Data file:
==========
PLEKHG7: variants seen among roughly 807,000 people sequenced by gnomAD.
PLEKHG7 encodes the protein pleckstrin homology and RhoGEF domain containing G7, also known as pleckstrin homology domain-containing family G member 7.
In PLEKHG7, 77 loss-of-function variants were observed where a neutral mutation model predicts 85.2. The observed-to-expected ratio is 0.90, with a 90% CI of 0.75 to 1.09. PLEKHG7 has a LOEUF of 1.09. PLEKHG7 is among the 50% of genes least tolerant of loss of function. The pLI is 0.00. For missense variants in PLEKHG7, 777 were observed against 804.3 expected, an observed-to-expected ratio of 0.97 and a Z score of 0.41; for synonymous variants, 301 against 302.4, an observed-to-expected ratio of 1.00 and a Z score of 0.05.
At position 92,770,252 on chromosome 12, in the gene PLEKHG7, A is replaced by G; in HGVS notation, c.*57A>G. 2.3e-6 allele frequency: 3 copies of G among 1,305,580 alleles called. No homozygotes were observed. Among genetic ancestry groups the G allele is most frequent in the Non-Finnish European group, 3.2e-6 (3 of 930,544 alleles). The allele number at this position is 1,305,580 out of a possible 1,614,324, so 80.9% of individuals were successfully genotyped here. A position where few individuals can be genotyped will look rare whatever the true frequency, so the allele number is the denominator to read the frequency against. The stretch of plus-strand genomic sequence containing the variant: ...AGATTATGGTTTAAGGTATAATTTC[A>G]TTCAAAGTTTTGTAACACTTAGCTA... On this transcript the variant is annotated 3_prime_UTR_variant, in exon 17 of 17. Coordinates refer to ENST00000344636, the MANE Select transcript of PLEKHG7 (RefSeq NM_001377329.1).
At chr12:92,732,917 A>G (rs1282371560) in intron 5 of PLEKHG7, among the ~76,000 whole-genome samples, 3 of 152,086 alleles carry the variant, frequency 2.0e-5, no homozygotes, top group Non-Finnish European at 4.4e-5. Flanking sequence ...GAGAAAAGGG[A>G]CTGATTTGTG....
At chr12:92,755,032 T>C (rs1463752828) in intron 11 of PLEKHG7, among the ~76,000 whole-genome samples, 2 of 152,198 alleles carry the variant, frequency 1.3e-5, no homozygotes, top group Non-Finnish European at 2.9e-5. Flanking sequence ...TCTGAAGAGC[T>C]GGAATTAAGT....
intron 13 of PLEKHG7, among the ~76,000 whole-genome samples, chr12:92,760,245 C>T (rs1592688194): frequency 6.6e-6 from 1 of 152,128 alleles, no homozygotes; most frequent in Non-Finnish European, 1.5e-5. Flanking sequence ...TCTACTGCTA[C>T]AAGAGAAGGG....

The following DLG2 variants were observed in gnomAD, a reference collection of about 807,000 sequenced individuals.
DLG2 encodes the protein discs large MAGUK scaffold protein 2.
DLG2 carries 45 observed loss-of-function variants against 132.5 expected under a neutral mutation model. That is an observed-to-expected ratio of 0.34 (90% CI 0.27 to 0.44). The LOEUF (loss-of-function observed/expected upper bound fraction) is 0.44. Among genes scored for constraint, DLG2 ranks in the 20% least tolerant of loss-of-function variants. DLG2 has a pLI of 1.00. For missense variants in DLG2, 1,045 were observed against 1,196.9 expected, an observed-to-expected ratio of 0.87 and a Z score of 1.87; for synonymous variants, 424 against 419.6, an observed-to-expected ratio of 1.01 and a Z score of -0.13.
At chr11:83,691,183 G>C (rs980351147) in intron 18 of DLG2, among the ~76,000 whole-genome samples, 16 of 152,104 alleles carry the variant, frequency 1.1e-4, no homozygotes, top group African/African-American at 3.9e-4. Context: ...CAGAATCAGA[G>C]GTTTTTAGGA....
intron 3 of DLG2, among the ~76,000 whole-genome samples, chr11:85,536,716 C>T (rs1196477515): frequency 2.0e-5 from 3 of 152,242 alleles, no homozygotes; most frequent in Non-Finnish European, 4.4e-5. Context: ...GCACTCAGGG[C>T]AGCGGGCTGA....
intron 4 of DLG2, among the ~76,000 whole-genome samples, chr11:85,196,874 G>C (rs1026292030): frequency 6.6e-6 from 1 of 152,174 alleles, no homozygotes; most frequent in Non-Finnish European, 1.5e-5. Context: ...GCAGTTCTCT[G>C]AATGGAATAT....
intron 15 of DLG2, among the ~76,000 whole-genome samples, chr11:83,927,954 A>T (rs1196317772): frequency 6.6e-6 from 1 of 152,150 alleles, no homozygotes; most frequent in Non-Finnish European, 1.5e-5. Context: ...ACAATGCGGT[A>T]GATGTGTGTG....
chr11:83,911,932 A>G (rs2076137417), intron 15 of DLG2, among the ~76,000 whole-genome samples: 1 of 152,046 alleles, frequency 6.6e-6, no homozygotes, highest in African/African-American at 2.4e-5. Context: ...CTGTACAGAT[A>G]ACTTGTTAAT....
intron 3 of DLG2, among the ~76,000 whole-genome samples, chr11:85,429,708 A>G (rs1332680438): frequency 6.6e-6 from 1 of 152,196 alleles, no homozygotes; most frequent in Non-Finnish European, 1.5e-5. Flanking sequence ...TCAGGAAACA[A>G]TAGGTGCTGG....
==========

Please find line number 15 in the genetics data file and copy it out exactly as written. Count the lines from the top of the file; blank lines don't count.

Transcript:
chr11:83,911,932 A>G (rs2076137417), intron 15 of DLG2, among the ~76,000 whole-genome samples: 1 of 152,046 alleles, frequency 6.6e-6, no homozygotes, highest in African/African-American at 2.4e-5. Context: ...CTGTACAGAT[A>G]ACTTGTTAAT....